Ride no faster than your Guardian Angel can fly!

  11. #11
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    Wrap in kitchen towels.

  12. #12
    Senior Member locolobo13's Avatar
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    Small tupperware like containers.

  13. #13
    one life on two wheels cobrabyte's Avatar
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  14. #14
    Senior Member gregjones's Avatar
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    I have a Timbuk2 Catapult specifically to carry eggs and bananas.

    Bananas don't get bruised and I put a plastic bag, wadded up, on top of the eggs in the carton. Have yet to break an egg. The first 100% successful method that I've tried.

    And, it will hold a six pack of tallboy Buds.
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  15. #15
    ride for a change modernjess's Avatar
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    I use a banjo brothers grocery pannier (or 2) for farmers markets runs almost every weekend. I put the harder stuff on the bottom and use some towel scraps or something to cradle anything fragile on the top. No problems.

  16. #16
    coprolite fietsbob's Avatar
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    Front bag on my Brompton , here .. Sunday street market includes Fruit/Veg sellers..

  17. #17
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    I went with the towel yesterday with two peaches and two nectarines and a hand full of plums. They made it pretty well.

    I also want to try to keep away from the huge bulk containers, since I already take too much. But the shaped containers are nice looking.

    I also can not pull off the weekly one time delivery. Or else I would need a whole pannier just for the fruit.


    @mrogers I have tried this method for the days I want smoothies. I add some coconut and seeds when I get to work and pout it in my mug. The grit I pass off as insoluble fiber.

  18. #18
    Senior Member tarwheel's Avatar
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    You must eat a lot of fruit! I generally carry an apple and banana every day in my racktop bag or saddlebag. Apples aren't usually a problem but bananas get bruised if I am carrying too much hard-edged gear. If that's the case, I stick the banana in one of my jersey pockets. I haven't tried carry peaches, plums, etc., for the reasons you mentioned.

  19. #19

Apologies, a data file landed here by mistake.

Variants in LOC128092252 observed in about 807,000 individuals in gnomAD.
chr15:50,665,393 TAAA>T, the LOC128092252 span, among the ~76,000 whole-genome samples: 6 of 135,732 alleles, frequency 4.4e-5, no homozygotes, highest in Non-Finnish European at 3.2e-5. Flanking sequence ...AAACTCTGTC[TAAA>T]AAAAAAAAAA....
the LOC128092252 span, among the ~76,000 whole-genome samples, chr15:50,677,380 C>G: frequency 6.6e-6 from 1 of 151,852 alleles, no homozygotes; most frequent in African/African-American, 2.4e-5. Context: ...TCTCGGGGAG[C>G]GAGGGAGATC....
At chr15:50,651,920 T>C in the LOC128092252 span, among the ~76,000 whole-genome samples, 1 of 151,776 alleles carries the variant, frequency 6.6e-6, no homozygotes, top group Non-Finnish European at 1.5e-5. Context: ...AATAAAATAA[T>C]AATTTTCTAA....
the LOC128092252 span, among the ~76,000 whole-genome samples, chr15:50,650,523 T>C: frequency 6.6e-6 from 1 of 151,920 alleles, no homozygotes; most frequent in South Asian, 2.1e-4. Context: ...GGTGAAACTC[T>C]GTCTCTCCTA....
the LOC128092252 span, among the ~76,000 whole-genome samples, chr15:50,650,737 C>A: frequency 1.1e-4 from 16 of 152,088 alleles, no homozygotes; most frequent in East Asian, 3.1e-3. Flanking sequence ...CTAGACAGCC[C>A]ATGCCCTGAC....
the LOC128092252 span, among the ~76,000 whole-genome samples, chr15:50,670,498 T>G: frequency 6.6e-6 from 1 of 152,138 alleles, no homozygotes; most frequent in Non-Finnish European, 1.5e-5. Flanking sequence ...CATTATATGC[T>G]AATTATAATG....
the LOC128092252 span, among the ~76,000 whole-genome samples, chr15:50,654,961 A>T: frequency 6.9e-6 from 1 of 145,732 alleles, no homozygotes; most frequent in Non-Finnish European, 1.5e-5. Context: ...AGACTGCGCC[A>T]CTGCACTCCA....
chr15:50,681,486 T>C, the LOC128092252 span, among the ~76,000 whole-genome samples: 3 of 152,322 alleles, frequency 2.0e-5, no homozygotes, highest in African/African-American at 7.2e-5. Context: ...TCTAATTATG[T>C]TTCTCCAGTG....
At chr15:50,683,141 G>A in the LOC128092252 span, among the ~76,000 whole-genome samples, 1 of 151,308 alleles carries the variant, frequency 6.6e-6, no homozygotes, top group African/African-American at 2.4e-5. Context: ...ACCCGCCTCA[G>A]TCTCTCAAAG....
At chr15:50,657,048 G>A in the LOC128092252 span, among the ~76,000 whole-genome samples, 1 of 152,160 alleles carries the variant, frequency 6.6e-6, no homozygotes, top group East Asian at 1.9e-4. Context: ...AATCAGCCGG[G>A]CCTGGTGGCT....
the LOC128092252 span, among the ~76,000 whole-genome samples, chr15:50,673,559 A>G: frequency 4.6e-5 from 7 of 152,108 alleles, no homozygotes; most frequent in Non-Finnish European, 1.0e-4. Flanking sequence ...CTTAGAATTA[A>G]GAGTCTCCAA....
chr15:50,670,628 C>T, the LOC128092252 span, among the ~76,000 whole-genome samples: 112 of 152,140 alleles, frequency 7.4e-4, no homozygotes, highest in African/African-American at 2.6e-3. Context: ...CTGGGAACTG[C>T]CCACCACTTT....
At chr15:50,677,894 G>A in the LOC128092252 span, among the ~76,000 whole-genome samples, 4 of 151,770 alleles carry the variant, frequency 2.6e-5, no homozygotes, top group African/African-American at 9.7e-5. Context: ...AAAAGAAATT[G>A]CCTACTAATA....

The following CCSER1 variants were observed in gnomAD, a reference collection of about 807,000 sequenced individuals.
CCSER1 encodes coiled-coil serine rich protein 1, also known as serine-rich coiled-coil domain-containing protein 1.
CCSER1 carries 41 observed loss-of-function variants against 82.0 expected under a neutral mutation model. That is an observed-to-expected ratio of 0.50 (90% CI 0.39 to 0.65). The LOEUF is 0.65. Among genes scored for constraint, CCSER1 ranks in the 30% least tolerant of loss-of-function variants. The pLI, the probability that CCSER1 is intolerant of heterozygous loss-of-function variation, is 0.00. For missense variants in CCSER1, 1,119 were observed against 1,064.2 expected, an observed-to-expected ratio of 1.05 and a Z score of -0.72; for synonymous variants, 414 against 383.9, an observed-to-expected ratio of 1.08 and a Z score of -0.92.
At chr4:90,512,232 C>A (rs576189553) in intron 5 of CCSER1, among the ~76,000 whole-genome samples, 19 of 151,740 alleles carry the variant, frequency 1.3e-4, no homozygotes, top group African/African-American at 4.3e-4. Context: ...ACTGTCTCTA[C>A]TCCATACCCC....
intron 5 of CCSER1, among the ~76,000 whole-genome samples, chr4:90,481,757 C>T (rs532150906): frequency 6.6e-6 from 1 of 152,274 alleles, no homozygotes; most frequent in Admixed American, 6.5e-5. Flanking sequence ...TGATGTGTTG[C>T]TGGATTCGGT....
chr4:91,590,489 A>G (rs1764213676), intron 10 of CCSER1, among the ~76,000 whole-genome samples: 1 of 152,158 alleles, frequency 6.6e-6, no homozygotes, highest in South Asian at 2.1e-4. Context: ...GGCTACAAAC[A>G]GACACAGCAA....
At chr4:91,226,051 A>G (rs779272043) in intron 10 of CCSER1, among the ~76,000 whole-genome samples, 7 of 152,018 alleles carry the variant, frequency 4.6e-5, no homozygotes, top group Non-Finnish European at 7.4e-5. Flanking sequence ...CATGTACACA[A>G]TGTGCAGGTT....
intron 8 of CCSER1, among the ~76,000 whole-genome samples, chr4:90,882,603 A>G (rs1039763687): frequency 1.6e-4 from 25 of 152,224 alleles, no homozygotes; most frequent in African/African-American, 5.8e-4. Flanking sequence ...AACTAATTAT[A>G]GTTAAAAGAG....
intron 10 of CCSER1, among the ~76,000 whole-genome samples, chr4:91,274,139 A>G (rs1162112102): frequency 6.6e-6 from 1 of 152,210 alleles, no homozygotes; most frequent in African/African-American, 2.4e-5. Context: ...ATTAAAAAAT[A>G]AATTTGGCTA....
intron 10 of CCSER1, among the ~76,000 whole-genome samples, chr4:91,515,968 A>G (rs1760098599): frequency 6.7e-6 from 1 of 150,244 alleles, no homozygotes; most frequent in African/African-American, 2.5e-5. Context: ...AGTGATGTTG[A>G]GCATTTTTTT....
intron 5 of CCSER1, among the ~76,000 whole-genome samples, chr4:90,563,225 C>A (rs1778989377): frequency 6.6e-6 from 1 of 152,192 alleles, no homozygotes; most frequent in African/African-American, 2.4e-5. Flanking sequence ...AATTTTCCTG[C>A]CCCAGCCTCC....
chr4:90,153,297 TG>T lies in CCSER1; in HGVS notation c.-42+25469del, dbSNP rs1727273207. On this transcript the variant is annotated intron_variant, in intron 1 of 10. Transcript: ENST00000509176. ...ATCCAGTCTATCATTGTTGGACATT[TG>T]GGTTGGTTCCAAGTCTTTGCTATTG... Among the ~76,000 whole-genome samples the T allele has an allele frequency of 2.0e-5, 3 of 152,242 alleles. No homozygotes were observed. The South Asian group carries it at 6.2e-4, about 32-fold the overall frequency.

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    Yeah I tend to eat at least 5-6 pieces a day.

  20. #20
    Senior Member jrickards's Avatar
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    I have been bringing soft fruit to work for the last couple of weeks in my panniers. I put them in a plastic bag and then on top of the plastic bag that contains my clothes so that my clothes will soften the movement/bumps. My 4 kiwi survived this morning (well, until break time that is).
    Yeah, I've been thinking about it and I've come to the conclusion that being an adult isn't going to work for me.

  21. #21
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    mmm. kiwi, I have not had them in a while.

    I am awaiting figs, plums and pear season. Possibly my favorite three.

    There are two fig trees in someones yard on my commute I want to raid. They were not ready last week and I have not checked yet this week.

  22. #22
    Senior Member CrankyOne's Avatar
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    I'll often do what wphamilton says, carry them in a bag hanging from my handlebars or ride one handed and carry the fruit in my other hand. If I'll be carrying a lot, like from the farmers market I'll put my stecco rack on and throw a small towel in it to cushion them.
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  23. #23
    Senior Member wolfchild's Avatar
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    When I buy fruits such as peaches, nectarines, bananas, apricots I choose the ones which are a little on a hard side and let them ripen and get soft at home, they are easier to transport when hard...I also buy frozen berries which are easy to carry.